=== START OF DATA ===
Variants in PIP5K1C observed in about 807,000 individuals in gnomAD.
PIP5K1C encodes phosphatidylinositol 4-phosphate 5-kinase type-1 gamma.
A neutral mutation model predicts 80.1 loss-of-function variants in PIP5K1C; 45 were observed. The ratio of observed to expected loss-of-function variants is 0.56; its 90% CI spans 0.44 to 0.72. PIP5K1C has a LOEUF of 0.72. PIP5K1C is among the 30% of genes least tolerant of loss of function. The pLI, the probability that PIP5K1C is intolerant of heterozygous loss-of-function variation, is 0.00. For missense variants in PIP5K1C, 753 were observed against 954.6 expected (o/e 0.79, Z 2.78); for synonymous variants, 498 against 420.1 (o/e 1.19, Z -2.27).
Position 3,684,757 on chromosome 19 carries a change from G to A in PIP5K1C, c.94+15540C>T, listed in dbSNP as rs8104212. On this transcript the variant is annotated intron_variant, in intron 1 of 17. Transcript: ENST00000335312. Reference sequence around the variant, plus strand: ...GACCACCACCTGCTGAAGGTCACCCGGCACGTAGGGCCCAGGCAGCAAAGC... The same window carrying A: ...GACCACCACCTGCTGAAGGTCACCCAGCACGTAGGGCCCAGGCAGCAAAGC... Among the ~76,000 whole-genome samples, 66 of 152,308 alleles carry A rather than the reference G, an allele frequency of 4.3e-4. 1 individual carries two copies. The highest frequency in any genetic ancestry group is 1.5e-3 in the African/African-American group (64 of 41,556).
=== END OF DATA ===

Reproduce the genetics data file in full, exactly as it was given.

Variants in PIP5K1C observed in about 807,000 individuals in gnomAD.
PIP5K1C encodes phosphatidylinositol 4-phosphate 5-kinase type-1 gamma.
A neutral mutation model predicts 80.1 loss-of-function variants in PIP5K1C; 45 were observed. The ratio of observed to expected loss-of-function variants is 0.56; its 90% CI spans 0.44 to 0.72. PIP5K1C has a LOEUF of 0.72. PIP5K1C is among the 30% of genes least tolerant of loss of function. The pLI, the probability that PIP5K1C is intolerant of heterozygous loss-of-function variation, is 0.00. For missense variants in PIP5K1C, 753 were observed against 954.6 expected (o/e 0.79, Z 2.78); for synonymous variants, 498 against 420.1 (o/e 1.19, Z -2.27).
Position 3,684,757 on chromosome 19 carries a change from G to A in PIP5K1C, c.94+15540C>T, listed in dbSNP as rs8104212. On this transcript the variant is annotated intron_variant, in intron 1 of 17. Transcript: ENST00000335312. Reference sequence around the variant, plus strand: ...GACCACCACCTGCTGAAGGTCACCCGGCACGTAGGGCCCAGGCAGCAAAGC... The same window carrying A: ...GACCACCACCTGCTGAAGGTCACCCAGCACGTAGGGCCCAGGCAGCAAAGC... Among the ~76,000 whole-genome samples, 66 of 152,308 alleles carry A rather than the reference G, an allele frequency of 4.3e-4. 1 individual carries two copies. The highest frequency in any genetic ancestry group is 1.5e-3 in the African/African-American group (64 of 41,556).